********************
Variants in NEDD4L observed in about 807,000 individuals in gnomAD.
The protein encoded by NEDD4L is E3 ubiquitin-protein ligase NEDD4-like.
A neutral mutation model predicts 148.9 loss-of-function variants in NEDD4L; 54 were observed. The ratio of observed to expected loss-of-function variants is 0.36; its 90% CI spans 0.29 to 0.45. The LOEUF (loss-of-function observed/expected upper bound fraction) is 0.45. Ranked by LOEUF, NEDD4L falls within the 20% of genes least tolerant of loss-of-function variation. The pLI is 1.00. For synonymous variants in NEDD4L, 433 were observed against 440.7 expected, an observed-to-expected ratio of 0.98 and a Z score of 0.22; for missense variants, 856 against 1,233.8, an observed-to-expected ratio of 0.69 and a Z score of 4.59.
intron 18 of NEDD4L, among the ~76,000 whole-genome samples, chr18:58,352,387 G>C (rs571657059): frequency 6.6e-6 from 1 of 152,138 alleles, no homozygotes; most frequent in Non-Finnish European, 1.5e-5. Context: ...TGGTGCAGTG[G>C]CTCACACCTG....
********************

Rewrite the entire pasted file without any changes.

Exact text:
Variants in NEDD4L observed in about 807,000 individuals in gnomAD.
The protein encoded by NEDD4L is E3 ubiquitin-protein ligase NEDD4-like.
A neutral mutation model predicts 148.9 loss-of-function variants in NEDD4L; 54 were observed. The ratio of observed to expected loss-of-function variants is 0.36; its 90% CI spans 0.29 to 0.45. The LOEUF (loss-of-function observed/expected upper bound fraction) is 0.45. Ranked by LOEUF, NEDD4L falls within the 20% of genes least tolerant of loss-of-function variation. The pLI is 1.00. For synonymous variants in NEDD4L, 433 were observed against 440.7 expected, an observed-to-expected ratio of 0.98 and a Z score of 0.22; for missense variants, 856 against 1,233.8, an observed-to-expected ratio of 0.69 and a Z score of 4.59.
intron 18 of NEDD4L, among the ~76,000 whole-genome samples, chr18:58,352,387 G>C (rs571657059): frequency 6.6e-6 from 1 of 152,138 alleles, no homozygotes; most frequent in Non-Finnish European, 1.5e-5. Context: ...TGGTGCAGTG[G>C]CTCACACCTG....